On top of that, the boss battles are an absolute nightmare. Most of them are mirror-style – able to do most of the things you can, which in most games feels very climactic – except they have about thirty times as much health. Also, “things you can do” include bouncing bullets off walls, creating reflective energy shields, and dashing at super speed, all without warning. And then there are the ones who can teleport and/or fill the screen with grenades, again, without warning. Combined with the fact that the player’s energy supply doesn’t regenerate except from pickups and other more specific circumstances, and you have a combat system that’s often reduced to hoping you do the right thing at the right time in the right place. At least there are occasional puzzle bosses, that, in addition to being surprisingly sophisticated, are a lot more humane.

Obviously, jumping between disastrous and somewhat enjoyable for 10 hours doesn’t add up to “a certain brand of compelling,” so where RUINER really makes its mark is in its presentation. Firstly, that noise soundtrack is a hell of a soundtrack. Taking on a variety of moods but excelling at confusion and anger – especially with its discombobulating vocal segments – it’s sure to introduce its listeners to a whole new stable of artists. Additionally, the visual design is astonishingly effective despite its limited range. Ditto for the main character’s appearance, which has the potential to become instantly iconic if there’s enough of an audience. If you’re looking for an explanation for why he’s a mute cyborg wearing a helmet with a digital display full of belligerent non-sequiturs, however, you’re going to be disappointed.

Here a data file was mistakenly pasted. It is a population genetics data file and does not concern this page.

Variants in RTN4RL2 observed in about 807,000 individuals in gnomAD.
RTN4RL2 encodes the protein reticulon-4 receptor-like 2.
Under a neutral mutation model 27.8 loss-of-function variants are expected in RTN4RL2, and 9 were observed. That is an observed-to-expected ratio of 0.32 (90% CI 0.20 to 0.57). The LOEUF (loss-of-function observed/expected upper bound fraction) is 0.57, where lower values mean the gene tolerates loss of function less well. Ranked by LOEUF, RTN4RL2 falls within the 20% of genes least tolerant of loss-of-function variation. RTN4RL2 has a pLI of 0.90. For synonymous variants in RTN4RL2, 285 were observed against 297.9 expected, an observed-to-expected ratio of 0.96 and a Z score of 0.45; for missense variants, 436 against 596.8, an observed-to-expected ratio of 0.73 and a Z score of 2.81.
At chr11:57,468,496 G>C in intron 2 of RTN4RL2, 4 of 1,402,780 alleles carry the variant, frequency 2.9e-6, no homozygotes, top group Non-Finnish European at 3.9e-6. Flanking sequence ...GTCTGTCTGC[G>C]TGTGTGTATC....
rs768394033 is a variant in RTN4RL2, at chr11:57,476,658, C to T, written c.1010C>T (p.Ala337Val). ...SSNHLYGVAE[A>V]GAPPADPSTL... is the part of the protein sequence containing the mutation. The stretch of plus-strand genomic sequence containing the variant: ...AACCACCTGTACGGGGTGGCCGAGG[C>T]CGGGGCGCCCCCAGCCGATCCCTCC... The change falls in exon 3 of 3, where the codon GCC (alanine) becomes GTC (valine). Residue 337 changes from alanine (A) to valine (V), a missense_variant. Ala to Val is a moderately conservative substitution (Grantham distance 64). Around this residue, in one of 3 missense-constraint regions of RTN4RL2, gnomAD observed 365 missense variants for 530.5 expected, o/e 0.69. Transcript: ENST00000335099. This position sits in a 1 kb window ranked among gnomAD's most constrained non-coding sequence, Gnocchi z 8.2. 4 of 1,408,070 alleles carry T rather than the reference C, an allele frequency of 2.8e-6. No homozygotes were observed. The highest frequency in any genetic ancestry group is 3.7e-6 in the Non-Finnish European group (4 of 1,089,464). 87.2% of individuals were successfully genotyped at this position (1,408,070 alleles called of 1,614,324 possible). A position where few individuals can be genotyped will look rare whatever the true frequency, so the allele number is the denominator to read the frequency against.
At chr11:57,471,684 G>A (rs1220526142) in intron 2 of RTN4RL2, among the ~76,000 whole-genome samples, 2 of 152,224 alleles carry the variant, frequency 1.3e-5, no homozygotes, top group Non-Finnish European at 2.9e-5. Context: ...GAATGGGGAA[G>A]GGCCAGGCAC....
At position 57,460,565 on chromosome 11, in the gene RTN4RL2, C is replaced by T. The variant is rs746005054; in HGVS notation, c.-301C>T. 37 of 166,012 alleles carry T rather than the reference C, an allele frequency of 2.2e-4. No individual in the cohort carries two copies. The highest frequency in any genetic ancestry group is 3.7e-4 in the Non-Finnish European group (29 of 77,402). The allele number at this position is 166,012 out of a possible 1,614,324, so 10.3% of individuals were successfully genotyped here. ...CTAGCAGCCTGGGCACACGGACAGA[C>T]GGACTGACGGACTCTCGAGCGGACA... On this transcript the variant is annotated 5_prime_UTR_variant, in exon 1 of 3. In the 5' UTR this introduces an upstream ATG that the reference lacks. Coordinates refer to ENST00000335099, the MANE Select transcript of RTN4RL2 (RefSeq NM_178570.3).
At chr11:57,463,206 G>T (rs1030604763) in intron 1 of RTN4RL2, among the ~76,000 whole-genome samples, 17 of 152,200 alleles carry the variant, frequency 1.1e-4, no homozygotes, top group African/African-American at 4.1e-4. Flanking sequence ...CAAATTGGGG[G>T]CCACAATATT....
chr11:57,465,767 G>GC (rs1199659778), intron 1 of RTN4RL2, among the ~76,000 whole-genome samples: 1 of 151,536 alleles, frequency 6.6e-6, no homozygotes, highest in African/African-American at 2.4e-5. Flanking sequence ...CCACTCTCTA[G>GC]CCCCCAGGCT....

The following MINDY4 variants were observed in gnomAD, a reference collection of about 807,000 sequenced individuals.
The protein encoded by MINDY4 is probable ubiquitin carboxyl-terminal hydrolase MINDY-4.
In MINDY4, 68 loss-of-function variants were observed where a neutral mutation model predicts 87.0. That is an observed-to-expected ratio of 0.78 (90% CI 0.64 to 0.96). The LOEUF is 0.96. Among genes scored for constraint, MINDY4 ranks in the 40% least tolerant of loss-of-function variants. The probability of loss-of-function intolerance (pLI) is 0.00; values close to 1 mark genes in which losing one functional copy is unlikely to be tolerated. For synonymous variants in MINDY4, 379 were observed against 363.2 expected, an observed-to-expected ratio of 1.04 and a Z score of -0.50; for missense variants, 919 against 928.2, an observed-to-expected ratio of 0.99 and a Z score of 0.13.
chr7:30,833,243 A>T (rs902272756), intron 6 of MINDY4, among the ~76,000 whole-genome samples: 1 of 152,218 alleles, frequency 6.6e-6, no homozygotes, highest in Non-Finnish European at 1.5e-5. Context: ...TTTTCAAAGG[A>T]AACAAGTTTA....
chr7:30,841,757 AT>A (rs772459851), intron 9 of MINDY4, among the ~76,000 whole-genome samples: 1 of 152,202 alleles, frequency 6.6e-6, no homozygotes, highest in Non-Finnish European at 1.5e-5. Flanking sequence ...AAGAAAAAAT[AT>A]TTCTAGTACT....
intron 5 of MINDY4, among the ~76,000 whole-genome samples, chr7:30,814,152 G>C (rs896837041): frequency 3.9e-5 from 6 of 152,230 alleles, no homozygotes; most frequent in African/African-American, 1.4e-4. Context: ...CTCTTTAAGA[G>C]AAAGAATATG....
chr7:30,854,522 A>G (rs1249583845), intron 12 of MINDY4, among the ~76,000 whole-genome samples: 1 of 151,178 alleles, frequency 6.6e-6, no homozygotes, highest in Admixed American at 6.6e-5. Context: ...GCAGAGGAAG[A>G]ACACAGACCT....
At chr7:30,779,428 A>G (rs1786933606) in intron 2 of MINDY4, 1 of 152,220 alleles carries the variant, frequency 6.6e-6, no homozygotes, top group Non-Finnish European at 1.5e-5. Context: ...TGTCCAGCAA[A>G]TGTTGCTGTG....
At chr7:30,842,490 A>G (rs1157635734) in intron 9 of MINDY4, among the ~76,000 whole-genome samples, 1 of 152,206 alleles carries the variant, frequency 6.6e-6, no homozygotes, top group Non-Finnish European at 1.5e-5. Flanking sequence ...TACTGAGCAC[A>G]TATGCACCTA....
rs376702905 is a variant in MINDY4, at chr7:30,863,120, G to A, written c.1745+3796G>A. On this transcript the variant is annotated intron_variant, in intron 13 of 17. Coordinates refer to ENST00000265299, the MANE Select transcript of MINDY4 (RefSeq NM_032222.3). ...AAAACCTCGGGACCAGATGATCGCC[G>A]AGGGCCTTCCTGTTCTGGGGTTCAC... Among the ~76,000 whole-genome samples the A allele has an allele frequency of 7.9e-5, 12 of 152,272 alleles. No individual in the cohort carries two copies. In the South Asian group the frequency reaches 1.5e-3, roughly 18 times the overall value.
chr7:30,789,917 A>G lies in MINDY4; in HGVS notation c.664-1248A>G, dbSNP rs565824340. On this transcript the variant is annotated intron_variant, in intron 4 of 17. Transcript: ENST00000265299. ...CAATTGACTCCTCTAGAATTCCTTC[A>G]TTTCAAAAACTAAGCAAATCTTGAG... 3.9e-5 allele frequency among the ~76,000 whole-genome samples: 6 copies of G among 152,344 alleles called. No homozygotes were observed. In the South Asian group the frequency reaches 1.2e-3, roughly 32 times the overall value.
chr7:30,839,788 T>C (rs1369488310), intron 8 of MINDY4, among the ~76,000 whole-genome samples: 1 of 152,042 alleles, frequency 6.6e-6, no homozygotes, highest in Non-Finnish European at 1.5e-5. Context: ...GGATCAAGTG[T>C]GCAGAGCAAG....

On that note: what is going on with cyberpunk video game plots these days? Deus Ex seems to be the only one willing to concretely define the source of its dystopian setting; the rest just blame it on some nebulous technology. The actual story premise here is dead simple: someone hacked your cybernetic brain to make you an assassin and kidnapped your brother for good measure, but a more benevolent hacker saved you, so you can take revenge and rescue said brother. There are about a dozen hints throughout the game that would have made the presence of a big twist obvious even if the tagline wasn’t “You are being played,” but the specifics of that twist and especially the direction the plot goes in afterward are genuinely interesting. I just wish the details made more sense.

A character in the finale specifically offers answers if you follow their instructions, only for the credits to roll before this revelation happens. It’s a pretty extreme cop-out, and it highlights a recurring phrase I used while playing: “What was the point of that?” The way a third of the upgrades are clearly outclassed by others of equal cost is the most bewildering, but there’s also an overworld where you can talk to useless characters. There are bounties presented as side quests that are actually mandatory boss battles. There are vehicles and a support character in the later levels, both of which could be replaced with an “Advance Plot” button. In one of several half-baked attempts to merge the gameplay and narrative, there are even a few things suggesting your deaths are somehow actually happening, except that it never amounts to anything.

RUINER is a passionate game. It seems to have been designed the way it needs to be played: recklessly, with a lot of faith in blind luck. It’s certainly not bland, or even badly constructed – it controls better than Hotline Miami ever did. What it is is punishing, and that leads to different things from different perspectives. Punishing aesthetics lead to a memorable identity, a punishing narrative leads to a mix of confusion and curiosity, and punishing gameplay, unfortunately, leads to frustration and boredom.

This review is based on the PC version of the game, which we were provided with by Devolver Digital.


RUINER ruins its own explosive presentation and promising combat with poorly thought-out difficulty and incomplete narrative and gameplay concepts.